Twitter has announced that the character limit of its service will be doubled for a small group of users, a test to see if the new 280 character limit should be made available to all users of the service. There’s a possibility that this could improve the service for users in subtle ways, but that idea is buried under how many things Twitter should fix, but isn’t.
Twitter is a service that tends to make your life worse. That’s not meant to be snarky or hyperbolic; there are rarely times that your day will be made better by opening the Twitter app to check to see what’s going on in the world, and it can often leave you feeling worse.
Data seems to be back this up. Time Well Spent partnered with Moment to track how much time 200,000 iPhone users were spending on their apps, and whether they felt happiness or regret after doing so. The chart included in the post showed that users who spent more time on Twitter were less happy with their time than those who spent fewer minutes looking at tweets.
The danger of being overwhelmed by constant news updates and people complaining isn’t the only thing dragging Twitter down. Twitter’s biggest problems as a service and business are its lack of transparency and efficacy at combating targeted harassment along with its lack of tolerable options for monetization. User growth has been stagnant for awhile, and it may have stopped altogether.
The Twitter experience gets worse for users who gain popularity on the service, while the tools available to them to fight back aren’t keeping up. The more followers you have, the worse your experience is likely to become until your feed is just one long scrolling list of people asking you to choke them, daddy.
So how will adding more characters help with any of this?
If you can explain yourself a bit, if you have some room to breathe, maybe Twitter will cease to be a service in which people lob tiny bursts of emotion at each other. It’s unlikely, but possible.
Twitter has always seemed to be designed from the ground up to raise your anxiety and profit from abuse and “engagement.” If angry people yell, Twitter was very good at being a place to put all that yelling.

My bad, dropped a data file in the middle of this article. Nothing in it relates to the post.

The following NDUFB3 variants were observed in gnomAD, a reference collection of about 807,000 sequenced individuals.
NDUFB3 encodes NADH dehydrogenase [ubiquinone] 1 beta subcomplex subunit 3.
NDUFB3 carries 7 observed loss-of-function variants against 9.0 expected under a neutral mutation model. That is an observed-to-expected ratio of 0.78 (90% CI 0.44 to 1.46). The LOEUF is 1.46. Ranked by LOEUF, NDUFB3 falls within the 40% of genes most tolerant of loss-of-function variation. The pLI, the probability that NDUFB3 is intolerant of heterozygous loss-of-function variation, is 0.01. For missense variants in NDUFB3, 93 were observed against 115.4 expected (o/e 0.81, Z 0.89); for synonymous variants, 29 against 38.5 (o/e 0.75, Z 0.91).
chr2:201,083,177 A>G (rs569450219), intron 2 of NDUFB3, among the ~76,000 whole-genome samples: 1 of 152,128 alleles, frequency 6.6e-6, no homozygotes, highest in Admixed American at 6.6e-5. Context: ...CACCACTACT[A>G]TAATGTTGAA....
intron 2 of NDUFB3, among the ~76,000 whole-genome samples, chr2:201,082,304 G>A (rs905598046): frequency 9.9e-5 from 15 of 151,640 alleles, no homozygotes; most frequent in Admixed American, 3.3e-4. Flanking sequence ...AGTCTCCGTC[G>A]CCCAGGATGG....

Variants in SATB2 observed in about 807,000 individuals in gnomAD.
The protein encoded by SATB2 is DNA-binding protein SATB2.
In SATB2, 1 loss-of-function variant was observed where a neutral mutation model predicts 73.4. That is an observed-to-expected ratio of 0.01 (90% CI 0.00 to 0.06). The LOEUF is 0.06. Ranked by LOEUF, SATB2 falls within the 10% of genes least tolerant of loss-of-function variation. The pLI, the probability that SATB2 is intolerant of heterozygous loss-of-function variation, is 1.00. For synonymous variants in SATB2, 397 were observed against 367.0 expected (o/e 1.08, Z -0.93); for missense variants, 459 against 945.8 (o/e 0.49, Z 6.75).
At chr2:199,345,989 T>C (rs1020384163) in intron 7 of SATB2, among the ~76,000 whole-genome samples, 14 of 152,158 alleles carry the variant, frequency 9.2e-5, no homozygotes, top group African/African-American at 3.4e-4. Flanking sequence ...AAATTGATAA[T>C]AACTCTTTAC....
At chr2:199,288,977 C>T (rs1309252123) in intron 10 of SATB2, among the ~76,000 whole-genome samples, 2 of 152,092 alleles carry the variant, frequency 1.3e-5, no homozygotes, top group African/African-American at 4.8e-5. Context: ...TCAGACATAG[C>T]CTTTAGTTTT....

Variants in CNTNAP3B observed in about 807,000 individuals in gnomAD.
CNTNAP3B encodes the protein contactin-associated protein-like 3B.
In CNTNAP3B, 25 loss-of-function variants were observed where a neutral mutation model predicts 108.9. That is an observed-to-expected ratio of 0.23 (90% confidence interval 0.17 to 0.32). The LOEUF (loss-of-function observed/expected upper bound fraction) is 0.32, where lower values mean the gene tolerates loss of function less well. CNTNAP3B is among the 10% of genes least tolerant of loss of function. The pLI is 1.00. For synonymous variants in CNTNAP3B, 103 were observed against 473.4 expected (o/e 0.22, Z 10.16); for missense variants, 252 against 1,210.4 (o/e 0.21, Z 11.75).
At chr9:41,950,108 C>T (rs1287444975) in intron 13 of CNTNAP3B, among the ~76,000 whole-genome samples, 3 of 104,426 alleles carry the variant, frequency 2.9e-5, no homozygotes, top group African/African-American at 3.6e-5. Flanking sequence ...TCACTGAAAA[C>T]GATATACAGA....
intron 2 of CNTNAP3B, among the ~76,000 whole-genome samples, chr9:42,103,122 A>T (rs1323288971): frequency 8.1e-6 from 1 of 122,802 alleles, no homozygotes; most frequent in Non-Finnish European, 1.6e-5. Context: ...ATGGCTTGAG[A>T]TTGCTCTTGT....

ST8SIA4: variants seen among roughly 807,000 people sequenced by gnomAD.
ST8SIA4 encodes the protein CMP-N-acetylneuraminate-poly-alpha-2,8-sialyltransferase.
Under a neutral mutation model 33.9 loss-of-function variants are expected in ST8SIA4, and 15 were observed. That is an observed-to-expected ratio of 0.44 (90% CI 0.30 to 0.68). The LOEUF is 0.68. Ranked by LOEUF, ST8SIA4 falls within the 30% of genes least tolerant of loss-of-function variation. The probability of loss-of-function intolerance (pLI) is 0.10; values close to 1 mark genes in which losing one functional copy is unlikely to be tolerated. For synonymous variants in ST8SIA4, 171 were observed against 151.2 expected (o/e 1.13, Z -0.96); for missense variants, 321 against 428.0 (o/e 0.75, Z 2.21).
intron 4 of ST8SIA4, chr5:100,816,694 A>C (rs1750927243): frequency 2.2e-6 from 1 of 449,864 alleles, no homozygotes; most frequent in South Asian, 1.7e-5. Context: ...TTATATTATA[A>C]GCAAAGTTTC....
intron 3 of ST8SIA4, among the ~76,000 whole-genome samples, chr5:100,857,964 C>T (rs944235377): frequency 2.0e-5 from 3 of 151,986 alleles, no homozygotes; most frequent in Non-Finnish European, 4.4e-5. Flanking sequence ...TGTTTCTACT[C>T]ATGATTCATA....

We expected (and ❤️!) all the snark & critique for #280characters. Comes with the job. What matters now is we clearly show why this change is important, and prove to you all it’s better. Give us some time to learn and confirm (or challenge!) our ideas. https://t.co/qJrzzIluMw— jack (@jack) September 27, 2017
But now you’ll be able to speak. Not just yell, but say something with at least a little depth and substance. You have double the space to not just make an assertion or begin an argument, but to back it up in some way.
None of this will matter if Twitter doesn’t take its problem with actual, literal Nazis seriously, but it could mean a slight improvement in tone and effectiveness in communication between individuals.
This is a very optimistic read on a very strange move that would likely be very low on the list of priorities for anyone who uses the service regularly.
I’ve written about how abuse and incitement actually creates value for Twitter, at least in the short term, although no one thought the President would be the one using these tactics against other world leaders when that article was published back in 2014. The possible strategies for fighting abuse on the platform are many, although few are actually implemented.
A cynical person might argue that if people are arguing and hating each other, they’re at least using the service more often than if they were agreeing ... even if that behavior as real-world consequences.
And Twitter has facilitated positive communication and relationships. People use it to connect with other people they might not be able to reach any other way, and the immediacy of the platform along with its mature standing in technology are stronger advantages than any arbitrary character limit.
Being able to send messages of up to 280 characters could improve the service’s tone, and if that effect spreads across its network of users it could lead to an appreciable improvement in how we interact with the social network. That’s the mildest praise I can offer as Twitter has done so little to fight the actual issues that keep people from using or enjoying the service.
Twitter has to focus on its real problems if it wants to make using the platform something that makes people happy, rather than an effective way to spread pain, damage and regret.